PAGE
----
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Stanford outlasts Akron in PKs to reach Men’s College Cup final

KANSAS CITY, Kan. (Via Stanford University) – Andrew Epstein saved the 10th Akron penalty kick Friday to enable Stanford to advance to the College Cup men’s soccer final at Sporting Park.

After a scoreless semifinal draw, Stanford beat Akron, 8-7, on penalties with Corey Baird converting the decisive kick. Stanford (17-2-3) plays Clemson (17-2-4) in the final Sunday at 11 a.m. PT (ESPNU).

“We’re confident,” Stanford coach Jeremy Gunn said. “I think we have the firepower and determination to win the championship.”

Epstein was spectacular, saving two in PK’s. He also got a fortunate carom when Akron hit the post in the seventh round that would have given the Zips the victory. This was after Epstein made a huge save in overtime and punched away a dangerous free kick in the final seconds of regulation.

Stanford fell behind immediately in PK’s, when Drew Skundrich missed wide left on the first kick. However, Epstein’s first save evened things up 3-3.

For Stanford, Brandon Vincent, Mark Verso, Jordan Morris, Eric Verso, Adam Mosharrafa, Brian Nana-Sinkam and Sam Werner made their kicks before Baird’s final shot. Epstein then made the decisive save off Akron sophomore Nate Shultz.

“I just didn’t think about it and read him best I could,” Epstein said. “The ball hit my hand, then I started to see my teammates tearing over.”

Stanford, in its 102nd season, advances to its third final and first since 2002. Clemson advanced on penalties, 4-1, after a scoreless draw against Syracuse. Stanford is seeking its first NCAA men’s soccer title and a chance to extend the school’s streak of years with at least one NCAA team championship to 40 – an ongoing record.

“For four years, it’s been a constant motivation, a constant goal of ours as seniors,” Vincent said. “It’s huge for us to be able to play as many games as possible.

“This shows we can get the job done against a quality team. It’s a credit to us for rolling up our sleeves.”

In overtime, Epstein swung his leg in the path of a breakaway shot in the 97th minute to preserve a 0-0 draw. Akron’s Richie Laryea was sprung with only Epstein to beat, but was denied.

Earlier in the first overtime, Stanford’s Foster Langsdorf nearly scored the winner. Cardinal left back Vincent moved forward to send a one-touch left-footer to the edge of the six-yard box. Langsdorf got his left leg on the ball as he crashed the goal with a defender on his hip, only for the bouncing shot to be saved at point-blank range by Akron goalkeeper Jake Fenlason.

In the 96th minute, Eric Verso forced another strong Fenlason save, this time just inside the post.

In the second overtime, Vincent got to the end line and dropped a pass back to Jordan Morris, whose dangerous shot was blocked by a defender. The Cardinal was close to putting together some dangerous chances, but was just short several times.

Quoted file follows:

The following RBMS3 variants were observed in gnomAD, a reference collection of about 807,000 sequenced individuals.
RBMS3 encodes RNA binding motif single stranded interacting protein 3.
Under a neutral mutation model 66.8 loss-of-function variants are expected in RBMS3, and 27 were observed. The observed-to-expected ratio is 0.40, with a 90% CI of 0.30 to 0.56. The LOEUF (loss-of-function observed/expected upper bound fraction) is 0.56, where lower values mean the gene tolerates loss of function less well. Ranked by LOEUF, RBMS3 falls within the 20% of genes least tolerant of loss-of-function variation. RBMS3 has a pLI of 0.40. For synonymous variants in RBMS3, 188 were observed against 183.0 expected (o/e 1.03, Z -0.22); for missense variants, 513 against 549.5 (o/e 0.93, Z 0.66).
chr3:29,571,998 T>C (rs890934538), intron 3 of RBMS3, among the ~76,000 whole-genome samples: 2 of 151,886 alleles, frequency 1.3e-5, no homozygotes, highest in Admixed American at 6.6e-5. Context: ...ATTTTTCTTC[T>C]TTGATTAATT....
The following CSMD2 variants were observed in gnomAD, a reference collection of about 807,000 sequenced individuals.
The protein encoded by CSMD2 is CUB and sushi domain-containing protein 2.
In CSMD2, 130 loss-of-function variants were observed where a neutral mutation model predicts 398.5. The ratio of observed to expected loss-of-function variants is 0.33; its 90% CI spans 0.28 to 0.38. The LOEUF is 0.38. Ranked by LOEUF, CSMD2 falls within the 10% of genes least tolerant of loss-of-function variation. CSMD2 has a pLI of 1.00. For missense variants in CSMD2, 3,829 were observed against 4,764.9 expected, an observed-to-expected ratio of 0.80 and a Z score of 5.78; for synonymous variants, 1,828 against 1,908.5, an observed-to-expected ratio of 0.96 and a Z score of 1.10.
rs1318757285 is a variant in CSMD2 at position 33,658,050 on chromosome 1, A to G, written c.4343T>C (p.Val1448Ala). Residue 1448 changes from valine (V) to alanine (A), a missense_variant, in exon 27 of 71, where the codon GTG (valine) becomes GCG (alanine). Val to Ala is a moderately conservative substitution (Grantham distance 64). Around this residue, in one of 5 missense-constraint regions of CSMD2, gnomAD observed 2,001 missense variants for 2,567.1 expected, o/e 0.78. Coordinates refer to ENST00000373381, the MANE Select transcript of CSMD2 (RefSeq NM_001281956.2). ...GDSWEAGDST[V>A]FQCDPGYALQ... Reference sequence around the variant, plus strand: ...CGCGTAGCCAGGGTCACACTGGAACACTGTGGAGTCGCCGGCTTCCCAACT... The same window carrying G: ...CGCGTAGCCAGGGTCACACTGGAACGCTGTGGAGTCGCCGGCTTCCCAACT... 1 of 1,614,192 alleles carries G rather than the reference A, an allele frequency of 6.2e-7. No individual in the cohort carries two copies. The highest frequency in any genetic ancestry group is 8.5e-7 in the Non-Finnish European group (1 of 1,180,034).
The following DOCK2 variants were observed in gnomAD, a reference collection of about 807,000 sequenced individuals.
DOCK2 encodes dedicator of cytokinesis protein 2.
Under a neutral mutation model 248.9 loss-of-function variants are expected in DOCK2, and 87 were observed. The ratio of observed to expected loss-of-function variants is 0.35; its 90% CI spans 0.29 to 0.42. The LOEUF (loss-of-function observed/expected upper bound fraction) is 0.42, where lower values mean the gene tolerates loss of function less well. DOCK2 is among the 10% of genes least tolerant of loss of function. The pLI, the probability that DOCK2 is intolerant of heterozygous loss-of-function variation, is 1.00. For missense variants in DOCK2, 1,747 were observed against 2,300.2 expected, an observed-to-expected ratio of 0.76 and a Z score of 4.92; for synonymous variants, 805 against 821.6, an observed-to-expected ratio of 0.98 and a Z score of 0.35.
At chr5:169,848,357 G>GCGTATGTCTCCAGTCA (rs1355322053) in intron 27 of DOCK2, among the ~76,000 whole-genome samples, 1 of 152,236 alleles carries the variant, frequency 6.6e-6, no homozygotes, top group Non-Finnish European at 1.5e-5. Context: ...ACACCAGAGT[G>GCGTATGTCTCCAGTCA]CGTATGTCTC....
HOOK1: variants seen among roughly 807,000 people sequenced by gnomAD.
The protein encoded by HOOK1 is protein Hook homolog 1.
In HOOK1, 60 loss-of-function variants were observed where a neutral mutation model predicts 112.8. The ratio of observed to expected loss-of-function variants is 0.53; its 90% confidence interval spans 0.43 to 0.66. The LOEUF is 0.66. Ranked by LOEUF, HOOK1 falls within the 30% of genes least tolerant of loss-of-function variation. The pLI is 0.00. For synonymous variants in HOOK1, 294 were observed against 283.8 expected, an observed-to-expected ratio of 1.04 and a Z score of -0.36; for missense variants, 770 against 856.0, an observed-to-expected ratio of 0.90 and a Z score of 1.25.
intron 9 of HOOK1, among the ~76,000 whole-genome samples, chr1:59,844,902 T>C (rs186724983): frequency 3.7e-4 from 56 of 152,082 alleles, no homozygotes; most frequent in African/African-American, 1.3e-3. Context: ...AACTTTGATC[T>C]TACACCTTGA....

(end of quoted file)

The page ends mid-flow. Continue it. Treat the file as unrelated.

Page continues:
Morris created two early chances. Midway through the first half, Morris had a shot blocked from the left side, gathered the rebound and sent a soft pass into the middle for Langsdorf, who hit a first touch with the outside of his right foot that was saved.

The same combination created a more dangerous chance when Morris sent a through ball that Langsdorf met in the open field. He pulled up from his run inside the box, from a right-side angle, fired across goal, only for it to be saved by Akron goalkeeper Jake Fenlason.

When Akron did threaten, Cardinal defender Tomas Hilliard-Arce prevented a shot with a slide tackle inside the box.

Early in the second half, Vincent struck a cross on an overlapping run that was blocked by a defender. Vincent cut in front of his Akron marker with space in the box and centered the ball that traveled unimpeded across the goalmouth, just too far ahead of Morris.

Akron pushed harder in the second half and picked up the pace. Ty Thompson blocked one shot just outside the penalty area, and the Stanford defense held firm by not allowing Akron to get into a dangerous position.

In the 80th minute, Akron’s Laryea found space across the middle and unleashed the most dangerous shot to that point, only for it to travel barely high over the upper right corner.

In the 88th minute, Stanford’s Amir Bashti sent a great through ball from the midfield stripe to Morris on the run, but Fenlason came out of the box to kick the pass away just before Morris could get a touch.

In the final seconds of regulation, Epstein punched away a corner kick and an Akron rebound went astray, and the match headed to overtime.

Gunn said Stanford did not want to settle for penalty kicks, and he suspects Akron wanted to avoid them to.

“We always want to attack,” Gunn said. “If you look at the way we play, we definitely want to look forward. Nobody really wants to go to penalties. We prepare for it, and we work for it, and we work hard at it, but at the same time, we’re looking for that winning goal.”

It wasn’t the way Stanford planned, but the Cardinal is back in the final.

“Hopefully these boys will have one more great performance in them,” Gunn said. “They’ve been absolutely outstanding all year long.”

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